of Jupiter and Messages from Space units (see Sneider articles
in collaboration with Varda Bar and others cited below on gravity in
space, weight and free fall, and gravity and air). As the Sneider Ohadi
study progressed, insights gained were taken into account as the GEMS
assessment handbook was developed and as revisions of Earth, Moon,
and Stars were published.
The Galaxy Classroom Project (Pilot Program 1991-1995) funded by Hughes Aircraft and the National Science Foundation: The Galaxy Classroom Project is a multimedia, year-long program for K5 students in classrooms nationwide. A main goal of the K2 component is to impact student learning of the science/mathematics concepts and processes of observing, comparing, communicating, properties of solids and liquids, structure/function of living organisms. The Pilot Program consisted of a core classroom curriculum from the GEMS and FOSS projects of LHS with two series of interactive television programs designed to incorporate the science and math concepts emphasized in the classroom program. Family home activities and classroom activities involving fax and the Internet are also included. The program is currently being conducted statewide in Georgia, in selected districts in California, elsewhere in the United States, and in Canada. Since 1995, the Project revised their classroom curriculum to include only GEMS units. The GEMS units for the K2 program include Terrarium Habitats, Liquid Explorations, and other GEMS early childhood units. The 3rd through 5th grade program focuses on Bubble-ology, Oobleck, Chemical Reactions, Investigating Artifacts, and five others. As is typical of GEMS, several of these units also have a strong mathematics component. The executive summary of the final report of the Galaxy K2 program show student gains in learning key concepts, improvements in teacher instructional practices, and an increase in curiosity of students. The evaluation gathered quantitative data on GALAXYS impact on student learning through pre-post tests of observation skills and an assessment of the science content presented. The report also states: "Teacher reports and evaluation results confirm that most students understood the concepts of the two GALAXY themes (recognizing and comparing the properties of various liquids, solids, and mixtures and identifying and comparing the characteristics and features of insects)." The report adds, "GALAXY first and second graders exhibited a striking and statistically significant growth in curiosity when compared to their non-GALAXY peers." (Page1, Far West Laboratory, Final Report.) The Far West Laboratory for Educational Research and Development (currently West Ed Laboratory) of San Francisco conducted the evaluation for the Galaxy Classroom Project. It was directed by Dr. Gloria Guth.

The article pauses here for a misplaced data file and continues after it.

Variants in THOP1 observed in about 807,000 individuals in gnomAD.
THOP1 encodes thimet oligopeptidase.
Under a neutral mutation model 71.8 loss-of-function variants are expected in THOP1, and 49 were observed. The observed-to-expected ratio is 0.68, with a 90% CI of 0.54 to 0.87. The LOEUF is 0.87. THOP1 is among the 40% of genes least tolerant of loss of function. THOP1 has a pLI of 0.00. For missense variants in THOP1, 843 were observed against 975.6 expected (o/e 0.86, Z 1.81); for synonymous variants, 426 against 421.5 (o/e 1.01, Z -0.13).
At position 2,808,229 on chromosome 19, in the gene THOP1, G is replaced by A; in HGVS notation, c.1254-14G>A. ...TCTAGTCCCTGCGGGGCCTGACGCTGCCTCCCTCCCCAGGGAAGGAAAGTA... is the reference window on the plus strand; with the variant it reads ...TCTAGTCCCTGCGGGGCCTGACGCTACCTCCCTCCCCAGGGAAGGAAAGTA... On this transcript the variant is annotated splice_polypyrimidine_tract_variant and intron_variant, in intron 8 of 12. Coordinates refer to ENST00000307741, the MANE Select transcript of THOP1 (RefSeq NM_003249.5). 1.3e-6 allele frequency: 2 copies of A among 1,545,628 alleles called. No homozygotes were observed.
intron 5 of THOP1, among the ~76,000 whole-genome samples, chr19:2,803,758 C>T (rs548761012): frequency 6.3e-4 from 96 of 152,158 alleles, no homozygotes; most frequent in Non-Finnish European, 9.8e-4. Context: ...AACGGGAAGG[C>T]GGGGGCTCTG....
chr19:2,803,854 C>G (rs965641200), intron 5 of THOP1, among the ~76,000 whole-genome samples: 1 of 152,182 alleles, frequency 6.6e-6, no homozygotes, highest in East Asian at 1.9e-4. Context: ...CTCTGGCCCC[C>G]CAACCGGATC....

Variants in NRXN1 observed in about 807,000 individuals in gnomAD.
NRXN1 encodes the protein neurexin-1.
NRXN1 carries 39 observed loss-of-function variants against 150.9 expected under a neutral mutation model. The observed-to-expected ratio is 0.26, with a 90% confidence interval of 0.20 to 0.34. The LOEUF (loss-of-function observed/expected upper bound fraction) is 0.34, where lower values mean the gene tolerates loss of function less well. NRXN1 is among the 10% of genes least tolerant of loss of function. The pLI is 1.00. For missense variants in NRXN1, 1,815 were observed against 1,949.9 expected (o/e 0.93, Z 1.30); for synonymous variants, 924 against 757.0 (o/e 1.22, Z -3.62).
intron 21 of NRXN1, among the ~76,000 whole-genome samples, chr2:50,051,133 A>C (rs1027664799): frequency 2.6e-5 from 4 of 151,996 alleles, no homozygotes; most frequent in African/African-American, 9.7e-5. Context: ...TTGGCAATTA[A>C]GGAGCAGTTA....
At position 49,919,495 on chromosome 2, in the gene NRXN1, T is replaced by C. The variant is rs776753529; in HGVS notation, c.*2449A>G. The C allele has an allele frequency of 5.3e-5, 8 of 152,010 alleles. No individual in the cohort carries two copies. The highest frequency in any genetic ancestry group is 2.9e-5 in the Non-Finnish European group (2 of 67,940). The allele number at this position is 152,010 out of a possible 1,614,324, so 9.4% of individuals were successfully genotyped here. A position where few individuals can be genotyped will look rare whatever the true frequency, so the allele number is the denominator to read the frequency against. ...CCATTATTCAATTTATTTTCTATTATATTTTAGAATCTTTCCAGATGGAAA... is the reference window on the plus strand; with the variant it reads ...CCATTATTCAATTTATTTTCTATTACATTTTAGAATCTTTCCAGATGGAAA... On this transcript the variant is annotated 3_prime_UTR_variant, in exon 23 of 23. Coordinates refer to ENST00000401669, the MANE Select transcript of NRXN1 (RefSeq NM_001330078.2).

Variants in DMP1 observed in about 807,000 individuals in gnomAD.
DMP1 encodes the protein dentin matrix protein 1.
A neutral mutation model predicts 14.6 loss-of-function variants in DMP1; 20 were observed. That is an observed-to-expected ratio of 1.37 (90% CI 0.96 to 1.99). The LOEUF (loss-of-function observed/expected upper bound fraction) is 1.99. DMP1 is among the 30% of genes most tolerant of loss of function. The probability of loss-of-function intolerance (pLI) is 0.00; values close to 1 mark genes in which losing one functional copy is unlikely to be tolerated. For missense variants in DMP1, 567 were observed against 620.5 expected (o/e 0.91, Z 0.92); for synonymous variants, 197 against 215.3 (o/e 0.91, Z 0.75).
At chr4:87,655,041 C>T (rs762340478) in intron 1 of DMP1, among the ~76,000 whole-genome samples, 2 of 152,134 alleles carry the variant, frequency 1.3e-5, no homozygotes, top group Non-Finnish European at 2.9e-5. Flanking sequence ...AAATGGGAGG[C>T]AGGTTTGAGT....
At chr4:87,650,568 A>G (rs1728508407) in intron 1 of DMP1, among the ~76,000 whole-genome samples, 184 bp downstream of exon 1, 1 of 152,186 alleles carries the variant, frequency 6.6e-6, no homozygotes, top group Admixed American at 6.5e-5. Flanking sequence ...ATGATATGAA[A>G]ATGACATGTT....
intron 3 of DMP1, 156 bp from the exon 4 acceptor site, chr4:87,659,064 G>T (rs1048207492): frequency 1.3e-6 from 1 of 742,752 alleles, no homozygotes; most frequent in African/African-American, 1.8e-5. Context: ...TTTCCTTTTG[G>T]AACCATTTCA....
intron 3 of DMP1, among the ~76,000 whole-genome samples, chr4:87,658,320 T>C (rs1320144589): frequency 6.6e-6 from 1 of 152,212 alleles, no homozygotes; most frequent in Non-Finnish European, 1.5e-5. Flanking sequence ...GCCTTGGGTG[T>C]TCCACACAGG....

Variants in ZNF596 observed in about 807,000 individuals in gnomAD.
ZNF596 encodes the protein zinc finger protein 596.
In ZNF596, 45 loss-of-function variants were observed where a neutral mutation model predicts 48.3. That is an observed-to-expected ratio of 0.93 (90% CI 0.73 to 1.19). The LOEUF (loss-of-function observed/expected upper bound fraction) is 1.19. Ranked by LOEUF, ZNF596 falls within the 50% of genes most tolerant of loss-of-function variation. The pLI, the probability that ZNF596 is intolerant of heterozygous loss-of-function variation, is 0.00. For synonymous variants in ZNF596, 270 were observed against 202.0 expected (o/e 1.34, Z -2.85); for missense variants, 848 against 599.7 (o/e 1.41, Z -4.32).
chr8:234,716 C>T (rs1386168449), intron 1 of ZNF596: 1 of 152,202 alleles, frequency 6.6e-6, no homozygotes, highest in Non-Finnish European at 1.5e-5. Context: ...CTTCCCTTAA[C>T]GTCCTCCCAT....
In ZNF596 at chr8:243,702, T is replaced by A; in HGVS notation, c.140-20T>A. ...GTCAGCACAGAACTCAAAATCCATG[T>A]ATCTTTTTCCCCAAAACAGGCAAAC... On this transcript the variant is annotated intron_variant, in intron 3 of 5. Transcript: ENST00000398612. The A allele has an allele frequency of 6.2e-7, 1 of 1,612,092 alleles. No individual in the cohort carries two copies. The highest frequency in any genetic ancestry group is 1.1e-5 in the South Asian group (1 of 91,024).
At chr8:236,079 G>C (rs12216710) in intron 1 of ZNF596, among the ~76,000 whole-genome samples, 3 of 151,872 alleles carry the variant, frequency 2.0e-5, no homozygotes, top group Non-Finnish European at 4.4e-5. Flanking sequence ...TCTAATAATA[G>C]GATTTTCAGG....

Childrens understanding and retention of some of the content
taught was measured by how well they could identify six animals presented
in the units and by evaluating their responses to questions about the
diet, habitats, and defense behaviors of those animals. Students were
first given a dichotomous score (correct/incorrect) for their knowledge
of the identity and behaviors of these six animals. The findings indicate
that children exposed to the curriculum did, in fact, learn and retain
content about the behaviors of the animals they are studying.
Critical value of t at 17df = 2.110, p< .05*; 2.898, p< .01**; 3.965, p< .001***
Critical value of t at 3df = 3.182, p< .05*
Note: The accuracy of teachers perceptions that children
became more sophisticated in some of their cognitive skills because
of the PEACHES/GEMS units was also evaluated. While sufficient evidence
was not found for this, the great majority of teachers reported that
their students became better reasoners after they experienced
the PEACHES/GEMS units, so this may merit further study. Insufficient
evidence was also found for another teachers reportthat
the units had a positive impact on sorting and classification skills.
Again, a longer-term study might reveal qualitative gains in classification
skills that were not demonstrated in this short-term evaluation.